The Flame Challenge invites working scientists to answer a simple question, generated by 11-year-olds, both simply and accurately. Talia Lerner presents her video-based entry, which goes from the physical reality of light, to the biological process of color vision. Plus, there is an adorable hand-drawn bull.Read More
This week on Neurotalk, we speak with Thomas Schwarz about the diversity of potassium channels, the link between mitochondria and Parkinson's disease, what young scientists can learn from Julius Caesar, and more!Read More
Julia Turan answers a question about the language deficits experienced by patients with Broca's and Wernicke's aphasia. Read on to learn whether Wernicke's aphasiacs have difficulty writing, and to see amazing videos of stroke patients with Broca's and Wernicke's aphasia.Read More
The other week, I received a fantastic question from a gentleman named Bill. He wanted to know whether there was any neurological basis in (what is apparently) a common technique for recovering a martial arts practitioner from a knock out induced by a strike to pressure points.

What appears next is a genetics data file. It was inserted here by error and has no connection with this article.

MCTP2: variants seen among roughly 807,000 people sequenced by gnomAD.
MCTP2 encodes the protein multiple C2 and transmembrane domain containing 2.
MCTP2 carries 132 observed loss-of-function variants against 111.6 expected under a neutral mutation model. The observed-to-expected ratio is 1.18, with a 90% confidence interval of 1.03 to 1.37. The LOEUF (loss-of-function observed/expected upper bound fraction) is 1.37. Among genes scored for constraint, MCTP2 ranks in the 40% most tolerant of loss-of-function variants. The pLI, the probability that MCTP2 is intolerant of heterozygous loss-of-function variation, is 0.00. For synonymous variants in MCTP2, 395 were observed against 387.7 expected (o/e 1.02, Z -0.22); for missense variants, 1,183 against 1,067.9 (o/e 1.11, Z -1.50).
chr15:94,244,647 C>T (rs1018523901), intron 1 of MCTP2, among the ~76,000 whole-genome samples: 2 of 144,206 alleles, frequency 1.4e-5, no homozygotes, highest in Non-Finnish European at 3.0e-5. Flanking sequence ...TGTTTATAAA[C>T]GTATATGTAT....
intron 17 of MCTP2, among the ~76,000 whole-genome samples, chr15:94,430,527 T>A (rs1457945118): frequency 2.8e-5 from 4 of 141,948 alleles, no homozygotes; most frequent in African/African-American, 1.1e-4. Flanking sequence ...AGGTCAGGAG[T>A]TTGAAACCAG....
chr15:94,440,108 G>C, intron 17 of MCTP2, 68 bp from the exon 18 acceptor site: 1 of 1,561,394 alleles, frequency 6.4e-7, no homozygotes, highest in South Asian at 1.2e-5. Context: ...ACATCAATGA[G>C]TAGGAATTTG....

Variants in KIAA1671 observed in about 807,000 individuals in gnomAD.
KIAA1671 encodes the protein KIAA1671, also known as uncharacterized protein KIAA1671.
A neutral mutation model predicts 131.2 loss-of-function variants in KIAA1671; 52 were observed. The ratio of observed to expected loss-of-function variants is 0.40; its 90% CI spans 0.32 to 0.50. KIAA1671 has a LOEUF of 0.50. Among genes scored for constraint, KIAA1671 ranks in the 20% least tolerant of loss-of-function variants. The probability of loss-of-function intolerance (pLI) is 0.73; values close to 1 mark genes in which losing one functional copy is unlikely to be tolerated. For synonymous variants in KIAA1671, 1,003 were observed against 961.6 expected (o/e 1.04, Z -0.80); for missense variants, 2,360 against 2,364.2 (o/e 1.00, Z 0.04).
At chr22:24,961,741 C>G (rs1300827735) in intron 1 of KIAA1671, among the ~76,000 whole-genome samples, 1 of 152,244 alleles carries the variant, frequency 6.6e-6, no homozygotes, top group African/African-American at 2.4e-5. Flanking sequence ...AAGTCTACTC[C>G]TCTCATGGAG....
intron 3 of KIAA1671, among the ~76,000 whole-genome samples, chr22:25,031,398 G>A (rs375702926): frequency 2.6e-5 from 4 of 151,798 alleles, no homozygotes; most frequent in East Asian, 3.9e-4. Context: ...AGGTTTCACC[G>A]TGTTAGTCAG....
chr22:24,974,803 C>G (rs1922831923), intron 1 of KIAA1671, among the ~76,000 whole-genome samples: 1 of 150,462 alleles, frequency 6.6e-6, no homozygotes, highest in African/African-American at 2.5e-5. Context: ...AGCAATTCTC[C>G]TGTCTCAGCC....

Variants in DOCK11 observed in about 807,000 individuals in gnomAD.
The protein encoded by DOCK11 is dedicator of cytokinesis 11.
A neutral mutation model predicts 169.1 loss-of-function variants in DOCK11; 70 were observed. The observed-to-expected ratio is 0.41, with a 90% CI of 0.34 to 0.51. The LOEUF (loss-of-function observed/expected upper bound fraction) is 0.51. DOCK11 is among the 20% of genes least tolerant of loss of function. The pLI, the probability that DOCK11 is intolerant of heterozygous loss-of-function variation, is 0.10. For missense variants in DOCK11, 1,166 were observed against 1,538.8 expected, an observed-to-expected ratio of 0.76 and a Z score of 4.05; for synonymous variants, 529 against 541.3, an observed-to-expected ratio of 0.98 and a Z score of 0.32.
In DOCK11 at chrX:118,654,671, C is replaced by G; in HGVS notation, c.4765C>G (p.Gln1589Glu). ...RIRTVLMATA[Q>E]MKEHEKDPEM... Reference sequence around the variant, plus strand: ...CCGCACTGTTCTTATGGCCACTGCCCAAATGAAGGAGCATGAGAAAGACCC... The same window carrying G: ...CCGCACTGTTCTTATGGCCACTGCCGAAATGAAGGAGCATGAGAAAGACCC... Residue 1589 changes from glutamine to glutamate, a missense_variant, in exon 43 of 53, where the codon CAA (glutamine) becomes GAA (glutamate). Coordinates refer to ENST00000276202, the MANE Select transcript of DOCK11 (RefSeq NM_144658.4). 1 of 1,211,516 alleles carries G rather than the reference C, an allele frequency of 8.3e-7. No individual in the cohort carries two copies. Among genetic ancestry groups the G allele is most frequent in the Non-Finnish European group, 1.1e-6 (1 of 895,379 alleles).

As I've pretty much forgotten everything I ever knew about spinal nerves, I pulled a "Who Wants to be a Millionaire", and phoned (read: emailed) a friend. Well, three friends. One of whom contacted a neurology resident.
Our collective conclusion: the recovery technique is probably BS.Read More
There has been much wringing of hands of late over findings that many scientific findings are proving impossible to reproduce – meaning, they were probably wrong. Coverage in the news, concern expressed by the President's council of scientific advisors, and a call to action by Francis Collins, the director of the National Institutes of Health (NIH), all suggest that this is a problem that the scientific community needs to understand and address.
In the recent issue of the journal Nature, Francis Collins and Lawrence Tabak (the deputy director of the NIH) outline their plan for improving scientific reproducibility, emphasizing a need for improving experimental design, statistical analysis, and transparency.Read More